Efforts are underway to sell Sunline Direct Mail as a going concern after the firm’s owner filed a notice of intention to appoint an administrator.
Industrial holding company CEPS PLC owns an 80% stake in the Loughborough company, with the other 20% held by management.
CEPS said that Sunline had been coping with “the continued gentle downturn” in demand for direct mail polywrap, but had then been hit by the double-whammy of the plastics backlash following the broadcast of Blue Planet II, and a fall-off in demand due to the introduction of GDPR.
“As a result, the order book is not filling at the rate that management would expect it to at this time of year for the ‘golden period’ from August to November and the business is likely to require significant amounts of additional funding to move forward,” CEPS said.
Sunline Direct Mail had sales of £6.7m last year, a decline of almost 16% on the prior year. It reduced its operating losses from £352,000 to £60,829. At 31 December 2017 the firm’s net liabilities were nearly £2.6m. It employs 122 staff.
Services include mailing and polywrapping, data management, paper envelope enclosing, pick and pack, and response handling.
It has worked for clients including JD Williams, Boden, Jacamo and Nauticalia.
The firm operates 24/7 and also offers fulfilment services to the fast-growing e-commerce sector. At the end of last year this part of the business was expanded and spun off as a separate division, Cync, located in a 7,432sqm facility on the outskirts of Nottingham.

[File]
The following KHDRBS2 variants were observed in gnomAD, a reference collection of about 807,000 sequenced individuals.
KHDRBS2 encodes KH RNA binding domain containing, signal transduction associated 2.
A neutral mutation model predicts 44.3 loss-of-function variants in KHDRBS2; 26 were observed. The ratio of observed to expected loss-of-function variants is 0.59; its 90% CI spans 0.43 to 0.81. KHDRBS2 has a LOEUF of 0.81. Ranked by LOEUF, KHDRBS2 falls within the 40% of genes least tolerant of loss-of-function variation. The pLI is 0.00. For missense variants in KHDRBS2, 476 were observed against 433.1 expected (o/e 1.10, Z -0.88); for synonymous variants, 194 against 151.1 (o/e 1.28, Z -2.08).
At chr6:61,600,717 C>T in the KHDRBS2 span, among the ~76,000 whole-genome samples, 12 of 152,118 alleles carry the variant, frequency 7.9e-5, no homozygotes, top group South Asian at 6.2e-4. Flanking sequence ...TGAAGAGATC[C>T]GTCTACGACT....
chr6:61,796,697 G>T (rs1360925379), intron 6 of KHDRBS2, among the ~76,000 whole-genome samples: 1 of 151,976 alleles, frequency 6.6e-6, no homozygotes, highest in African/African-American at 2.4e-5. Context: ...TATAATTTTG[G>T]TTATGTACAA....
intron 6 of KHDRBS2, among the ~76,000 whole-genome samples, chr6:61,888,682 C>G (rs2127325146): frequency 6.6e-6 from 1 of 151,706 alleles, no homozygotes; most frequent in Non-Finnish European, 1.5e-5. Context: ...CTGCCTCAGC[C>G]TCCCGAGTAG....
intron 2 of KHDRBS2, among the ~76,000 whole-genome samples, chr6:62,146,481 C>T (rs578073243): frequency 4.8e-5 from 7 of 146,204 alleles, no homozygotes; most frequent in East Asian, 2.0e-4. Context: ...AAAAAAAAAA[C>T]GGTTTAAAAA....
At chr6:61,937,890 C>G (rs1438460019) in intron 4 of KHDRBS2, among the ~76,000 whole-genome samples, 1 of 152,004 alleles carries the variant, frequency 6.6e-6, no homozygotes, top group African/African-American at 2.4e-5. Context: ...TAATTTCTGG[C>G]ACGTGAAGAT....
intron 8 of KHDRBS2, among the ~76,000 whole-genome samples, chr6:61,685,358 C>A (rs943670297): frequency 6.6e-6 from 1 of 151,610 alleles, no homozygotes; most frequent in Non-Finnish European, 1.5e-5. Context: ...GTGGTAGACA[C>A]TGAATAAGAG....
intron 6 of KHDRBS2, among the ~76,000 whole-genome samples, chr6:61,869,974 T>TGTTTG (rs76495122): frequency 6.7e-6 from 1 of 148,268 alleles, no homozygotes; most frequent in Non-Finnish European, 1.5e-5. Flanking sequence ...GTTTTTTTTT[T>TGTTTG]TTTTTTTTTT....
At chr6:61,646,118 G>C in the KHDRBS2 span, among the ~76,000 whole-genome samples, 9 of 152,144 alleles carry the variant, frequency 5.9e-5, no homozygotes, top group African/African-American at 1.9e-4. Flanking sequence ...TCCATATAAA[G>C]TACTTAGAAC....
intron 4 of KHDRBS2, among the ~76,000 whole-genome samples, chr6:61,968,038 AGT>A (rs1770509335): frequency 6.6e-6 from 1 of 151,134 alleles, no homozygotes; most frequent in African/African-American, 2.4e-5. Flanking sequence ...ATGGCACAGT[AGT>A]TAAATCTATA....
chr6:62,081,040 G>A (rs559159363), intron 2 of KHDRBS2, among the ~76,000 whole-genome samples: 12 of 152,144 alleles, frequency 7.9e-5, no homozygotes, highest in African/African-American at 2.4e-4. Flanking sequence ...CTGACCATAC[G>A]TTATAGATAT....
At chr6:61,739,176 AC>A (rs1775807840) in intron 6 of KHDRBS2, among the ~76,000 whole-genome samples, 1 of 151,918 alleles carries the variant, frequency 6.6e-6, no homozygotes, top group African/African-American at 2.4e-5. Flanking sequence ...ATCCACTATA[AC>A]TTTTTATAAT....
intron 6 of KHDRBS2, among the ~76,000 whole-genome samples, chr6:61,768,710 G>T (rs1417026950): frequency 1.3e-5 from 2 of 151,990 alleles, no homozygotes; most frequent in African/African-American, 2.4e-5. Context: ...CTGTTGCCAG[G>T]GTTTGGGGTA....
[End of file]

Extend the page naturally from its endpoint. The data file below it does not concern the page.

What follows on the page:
However, this contributed to Sunline’s financial difficulties as the move involved unexpected additional costs and there were initially some operational issues at the new site.
Moorfields Advisory has been appointed to advise on the accelerated sale process in the hope of finding a buyer to take the business on as a going concern – either as separate entities, or as a whole.
Sunline chairman Nigel Maybury told PrintWeek: “My strong hope is that someone will come along and see the potential in this facility. This is a 40-year-old business with great skills. What we need at this time is a trade partner, not a financial partner.
“We’ve kept our employees and customers fully-informed and everyone is on side,” he added. “We are doing our utmost to do everything properly.”
Maybury categorically ruled out any management involvement in a pre-pack.
Industry sources have pointed to the highly-acquisitive Paragon Group as a potential buyer. A spokesman said the group had no comment to make at this time.
CEPS has turnover of £23.6m and also owns Nottinghamshire fabric, wallpaper and carpet sample book specialist CEM Press, along with a number of other non-print businesses.
The filing of a notice of intention to appoint an administrator means that Sunline is protected from any enforcement action by the firm’s creditors and can continue to trade as usual while it is marketed for sale.